Lucy Burke’s show about living with OCD offers an intimate glimpse into the world of someone struggling with mental health issues.
Amy Doyle’s acting is superb, with the multitude of characters portrayed all having distinct and varied personalities. Yasmin’s character is funny, sympathetic and complex – a difficult blend that is acted well. In one of the opening scenes between Yasmin, the protagonist, and her mother the manic, cloying energy of the mother figure perfectly contrasts the confused and anxious daughter.
Each of the characters – whether it’s a nosey neighbour or a childhood bully – are clearly individual and recognisable, and Doyle’s switching between them is fluid and dynamic. However, some of the character’s portrayed come off as slightly over the top. Yasmin’s sister, Katy, gushes “OMG” and other teenage slang which feels unbelievable, detracting from the otherwise understated but well-crafted dialogue.
The narrative structure is similarly diverse with a non-linear timeline dipping back into Yasmin’s childhood and offering glimpses into her first sexual experiences, school life and reliance on compulsions. These flashbacks create a vivid backstory and help to define Yasmin’s personality and her condition in a substantial way.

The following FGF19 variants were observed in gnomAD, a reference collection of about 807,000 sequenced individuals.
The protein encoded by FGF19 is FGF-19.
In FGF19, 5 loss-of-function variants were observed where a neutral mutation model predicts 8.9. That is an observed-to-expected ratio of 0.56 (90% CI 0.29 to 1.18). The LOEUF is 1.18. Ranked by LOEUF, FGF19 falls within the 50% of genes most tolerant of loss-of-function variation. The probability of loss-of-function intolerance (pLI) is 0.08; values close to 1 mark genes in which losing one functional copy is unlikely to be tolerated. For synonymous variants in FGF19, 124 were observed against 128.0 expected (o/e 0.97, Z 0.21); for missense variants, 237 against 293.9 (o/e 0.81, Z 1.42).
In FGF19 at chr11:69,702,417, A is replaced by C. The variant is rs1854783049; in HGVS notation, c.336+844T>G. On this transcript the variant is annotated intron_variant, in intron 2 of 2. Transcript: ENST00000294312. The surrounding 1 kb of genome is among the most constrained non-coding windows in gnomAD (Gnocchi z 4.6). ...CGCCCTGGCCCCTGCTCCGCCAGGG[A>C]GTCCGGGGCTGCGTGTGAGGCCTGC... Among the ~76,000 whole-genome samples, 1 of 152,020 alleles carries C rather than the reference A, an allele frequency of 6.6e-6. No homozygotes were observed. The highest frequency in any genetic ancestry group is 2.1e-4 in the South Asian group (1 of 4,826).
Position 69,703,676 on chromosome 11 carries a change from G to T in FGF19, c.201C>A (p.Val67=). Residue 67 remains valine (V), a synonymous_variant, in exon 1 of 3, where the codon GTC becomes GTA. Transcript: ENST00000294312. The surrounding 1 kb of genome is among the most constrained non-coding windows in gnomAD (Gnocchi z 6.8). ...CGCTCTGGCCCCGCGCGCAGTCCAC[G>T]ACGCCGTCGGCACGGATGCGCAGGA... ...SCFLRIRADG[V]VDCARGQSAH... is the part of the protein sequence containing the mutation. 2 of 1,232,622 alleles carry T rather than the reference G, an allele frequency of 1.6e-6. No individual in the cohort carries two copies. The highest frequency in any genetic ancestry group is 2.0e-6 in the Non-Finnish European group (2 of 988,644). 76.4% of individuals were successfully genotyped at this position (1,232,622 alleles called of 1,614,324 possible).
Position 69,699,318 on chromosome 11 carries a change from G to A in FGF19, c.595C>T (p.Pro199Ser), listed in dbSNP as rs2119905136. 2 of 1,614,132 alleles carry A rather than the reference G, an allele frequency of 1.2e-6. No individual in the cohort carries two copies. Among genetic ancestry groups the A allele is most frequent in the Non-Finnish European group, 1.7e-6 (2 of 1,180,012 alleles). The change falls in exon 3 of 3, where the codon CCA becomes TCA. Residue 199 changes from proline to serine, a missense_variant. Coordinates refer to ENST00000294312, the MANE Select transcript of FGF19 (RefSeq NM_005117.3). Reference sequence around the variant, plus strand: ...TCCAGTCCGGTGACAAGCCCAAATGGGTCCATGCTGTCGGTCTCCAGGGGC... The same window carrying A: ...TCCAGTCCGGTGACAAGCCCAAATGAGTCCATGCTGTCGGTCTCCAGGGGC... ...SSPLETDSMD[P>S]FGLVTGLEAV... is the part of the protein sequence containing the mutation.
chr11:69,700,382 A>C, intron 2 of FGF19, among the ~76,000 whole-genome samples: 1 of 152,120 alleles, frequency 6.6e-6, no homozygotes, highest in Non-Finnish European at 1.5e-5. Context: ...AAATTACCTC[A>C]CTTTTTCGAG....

WEIRD depicts OCD carefully and expansively through a series of small actions, from constant exercise to touching walls ten times and revising relentlessly. These personal, intimate moments create a portrait of mental illness in a short time that is both intense and skilfully done, avoiding simplification.
The storytelling is organic and the different situations results in a variety of effects of the illness being shown, from family to physical damage to self-esteem, offering a well-rounded look into life with mental health issues.
The jumping narrative does sometimes lack cohesion, and this is most clear in the ending. The show is wrapped up very quickly in an ambiguous, albeit positive way, which jars with the slow and thoughtful pace of the story up until this point. It comes across as slightly too simple compared to the complexity portrayed in the rest of the performance, and stops Doyle’s performance and Burke’s story from truly making their point.